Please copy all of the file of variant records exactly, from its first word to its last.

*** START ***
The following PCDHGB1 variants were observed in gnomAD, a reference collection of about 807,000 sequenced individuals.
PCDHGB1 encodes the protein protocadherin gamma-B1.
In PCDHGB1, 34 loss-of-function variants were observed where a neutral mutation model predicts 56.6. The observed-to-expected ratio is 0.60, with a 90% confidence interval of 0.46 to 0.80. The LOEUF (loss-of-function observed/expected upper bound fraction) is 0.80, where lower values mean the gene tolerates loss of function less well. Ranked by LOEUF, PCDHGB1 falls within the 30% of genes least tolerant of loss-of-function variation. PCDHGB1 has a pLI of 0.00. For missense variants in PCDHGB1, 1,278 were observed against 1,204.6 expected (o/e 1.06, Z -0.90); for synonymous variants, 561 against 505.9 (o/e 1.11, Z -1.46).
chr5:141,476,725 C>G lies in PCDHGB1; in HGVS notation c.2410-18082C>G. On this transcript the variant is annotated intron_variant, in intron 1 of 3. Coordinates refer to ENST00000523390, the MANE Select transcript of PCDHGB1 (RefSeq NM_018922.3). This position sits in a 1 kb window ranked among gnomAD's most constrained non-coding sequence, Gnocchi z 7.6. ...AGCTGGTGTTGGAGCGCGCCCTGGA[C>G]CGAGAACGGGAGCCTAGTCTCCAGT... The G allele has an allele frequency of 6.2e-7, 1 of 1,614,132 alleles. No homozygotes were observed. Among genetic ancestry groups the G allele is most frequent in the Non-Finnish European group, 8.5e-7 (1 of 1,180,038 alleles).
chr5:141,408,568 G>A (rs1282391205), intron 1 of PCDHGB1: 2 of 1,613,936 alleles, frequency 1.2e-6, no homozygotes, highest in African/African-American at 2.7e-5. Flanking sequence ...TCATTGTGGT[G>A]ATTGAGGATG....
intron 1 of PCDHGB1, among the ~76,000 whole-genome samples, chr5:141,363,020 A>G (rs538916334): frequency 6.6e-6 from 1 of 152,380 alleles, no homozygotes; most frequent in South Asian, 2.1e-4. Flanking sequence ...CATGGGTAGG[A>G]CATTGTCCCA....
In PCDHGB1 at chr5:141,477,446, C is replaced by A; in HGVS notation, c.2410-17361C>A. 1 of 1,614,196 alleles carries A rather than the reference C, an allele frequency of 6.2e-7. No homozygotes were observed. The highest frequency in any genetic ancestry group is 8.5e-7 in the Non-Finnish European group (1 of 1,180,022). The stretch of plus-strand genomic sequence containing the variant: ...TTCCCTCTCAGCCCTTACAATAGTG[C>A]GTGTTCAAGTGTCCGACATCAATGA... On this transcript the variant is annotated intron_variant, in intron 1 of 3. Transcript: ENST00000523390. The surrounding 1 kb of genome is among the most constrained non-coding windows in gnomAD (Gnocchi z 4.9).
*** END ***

The following PCDHGB1 variants were observed in gnomAD, a reference collection of about 807,000 sequenced individuals.
PCDHGB1 encodes the protein protocadherin gamma-B1.
In PCDHGB1, 34 loss-of-function variants were observed where a neutral mutation model predicts 56.6. The observed-to-expected ratio is 0.60, with a 90% confidence interval of 0.46 to 0.80. The LOEUF (loss-of-function observed/expected upper bound fraction) is 0.80, where lower values mean the gene tolerates loss of function less well. Ranked by LOEUF, PCDHGB1 falls within the 30% of genes least tolerant of loss-of-function variation. PCDHGB1 has a pLI of 0.00. For missense variants in PCDHGB1, 1,278 were observed against 1,204.6 expected (o/e 1.06, Z -0.90); for synonymous variants, 561 against 505.9 (o/e 1.11, Z -1.46).
chr5:141,476,725 C>G lies in PCDHGB1; in HGVS notation c.2410-18082C>G. On this transcript the variant is annotated intron_variant, in intron 1 of 3. Coordinates refer to ENST00000523390, the MANE Select transcript of PCDHGB1 (RefSeq NM_018922.3). This position sits in a 1 kb window ranked among gnomAD's most constrained non-coding sequence, Gnocchi z 7.6. ...AGCTGGTGTTGGAGCGCGCCCTGGA[C>G]CGAGAACGGGAGCCTAGTCTCCAGT... The G allele has an allele frequency of 6.2e-7, 1 of 1,614,132 alleles. No homozygotes were observed. Among genetic ancestry groups the G allele is most frequent in the Non-Finnish European group, 8.5e-7 (1 of 1,180,038 alleles).
chr5:141,408,568 G>A (rs1282391205), intron 1 of PCDHGB1: 2 of 1,613,936 alleles, frequency 1.2e-6, no homozygotes, highest in African/African-American at 2.7e-5. Flanking sequence ...TCATTGTGGT[G>A]ATTGAGGATG....
intron 1 of PCDHGB1, among the ~76,000 whole-genome samples, chr5:141,363,020 A>G (rs538916334): frequency 6.6e-6 from 1 of 152,380 alleles, no homozygotes; most frequent in South Asian, 2.1e-4. Flanking sequence ...CATGGGTAGG[A>G]CATTGTCCCA....
In PCDHGB1 at chr5:141,477,446, C is replaced by A; in HGVS notation, c.2410-17361C>A. 1 of 1,614,196 alleles carries A rather than the reference C, an allele frequency of 6.2e-7. No homozygotes were observed. The highest frequency in any genetic ancestry group is 8.5e-7 in the Non-Finnish European group (1 of 1,180,022). The stretch of plus-strand genomic sequence containing the variant: ...TTCCCTCTCAGCCCTTACAATAGTG[C>A]GTGTTCAAGTGTCCGACATCAATGA... On this transcript the variant is annotated intron_variant, in intron 1 of 3. Transcript: ENST00000523390. The surrounding 1 kb of genome is among the most constrained non-coding windows in gnomAD (Gnocchi z 4.9).